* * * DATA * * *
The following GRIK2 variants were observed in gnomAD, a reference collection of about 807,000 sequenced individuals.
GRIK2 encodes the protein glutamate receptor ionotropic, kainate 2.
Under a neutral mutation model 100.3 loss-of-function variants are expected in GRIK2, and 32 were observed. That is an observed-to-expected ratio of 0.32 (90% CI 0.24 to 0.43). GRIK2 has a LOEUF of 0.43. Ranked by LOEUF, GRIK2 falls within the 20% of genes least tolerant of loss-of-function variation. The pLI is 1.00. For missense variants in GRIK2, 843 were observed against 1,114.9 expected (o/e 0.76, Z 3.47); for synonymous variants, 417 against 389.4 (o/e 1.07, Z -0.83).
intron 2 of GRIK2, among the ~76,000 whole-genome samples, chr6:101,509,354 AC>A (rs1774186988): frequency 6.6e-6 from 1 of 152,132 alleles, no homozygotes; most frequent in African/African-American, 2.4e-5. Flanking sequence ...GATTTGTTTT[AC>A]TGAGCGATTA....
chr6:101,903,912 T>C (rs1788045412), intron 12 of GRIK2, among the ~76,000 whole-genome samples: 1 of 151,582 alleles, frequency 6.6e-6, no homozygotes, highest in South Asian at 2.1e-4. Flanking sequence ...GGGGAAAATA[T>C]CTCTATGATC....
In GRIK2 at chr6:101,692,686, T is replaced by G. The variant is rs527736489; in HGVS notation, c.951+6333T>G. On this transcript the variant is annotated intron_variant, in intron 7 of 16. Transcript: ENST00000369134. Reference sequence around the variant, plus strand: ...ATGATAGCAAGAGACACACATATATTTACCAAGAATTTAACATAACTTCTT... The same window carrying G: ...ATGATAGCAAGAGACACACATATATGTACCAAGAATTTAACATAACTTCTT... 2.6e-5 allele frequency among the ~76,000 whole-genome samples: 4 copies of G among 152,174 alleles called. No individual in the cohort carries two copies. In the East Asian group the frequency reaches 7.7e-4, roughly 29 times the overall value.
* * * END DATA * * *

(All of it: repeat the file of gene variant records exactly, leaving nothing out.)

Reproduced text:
The following GRIK2 variants were observed in gnomAD, a reference collection of about 807,000 sequenced individuals.
GRIK2 encodes the protein glutamate receptor ionotropic, kainate 2.
Under a neutral mutation model 100.3 loss-of-function variants are expected in GRIK2, and 32 were observed. That is an observed-to-expected ratio of 0.32 (90% CI 0.24 to 0.43). GRIK2 has a LOEUF of 0.43. Ranked by LOEUF, GRIK2 falls within the 20% of genes least tolerant of loss-of-function variation. The pLI is 1.00. For missense variants in GRIK2, 843 were observed against 1,114.9 expected (o/e 0.76, Z 3.47); for synonymous variants, 417 against 389.4 (o/e 1.07, Z -0.83).
intron 2 of GRIK2, among the ~76,000 whole-genome samples, chr6:101,509,354 AC>A (rs1774186988): frequency 6.6e-6 from 1 of 152,132 alleles, no homozygotes; most frequent in African/African-American, 2.4e-5. Flanking sequence ...GATTTGTTTT[AC>A]TGAGCGATTA....
chr6:101,903,912 T>C (rs1788045412), intron 12 of GRIK2, among the ~76,000 whole-genome samples: 1 of 151,582 alleles, frequency 6.6e-6, no homozygotes, highest in South Asian at 2.1e-4. Flanking sequence ...GGGGAAAATA[T>C]CTCTATGATC....
In GRIK2 at chr6:101,692,686, T is replaced by G. The variant is rs527736489; in HGVS notation, c.951+6333T>G. On this transcript the variant is annotated intron_variant, in intron 7 of 16. Transcript: ENST00000369134. Reference sequence around the variant, plus strand: ...ATGATAGCAAGAGACACACATATATTTACCAAGAATTTAACATAACTTCTT... The same window carrying G: ...ATGATAGCAAGAGACACACATATATGTACCAAGAATTTAACATAACTTCTT... 2.6e-5 allele frequency among the ~76,000 whole-genome samples: 4 copies of G among 152,174 alleles called. No individual in the cohort carries two copies. In the East Asian group the frequency reaches 7.7e-4, roughly 29 times the overall value.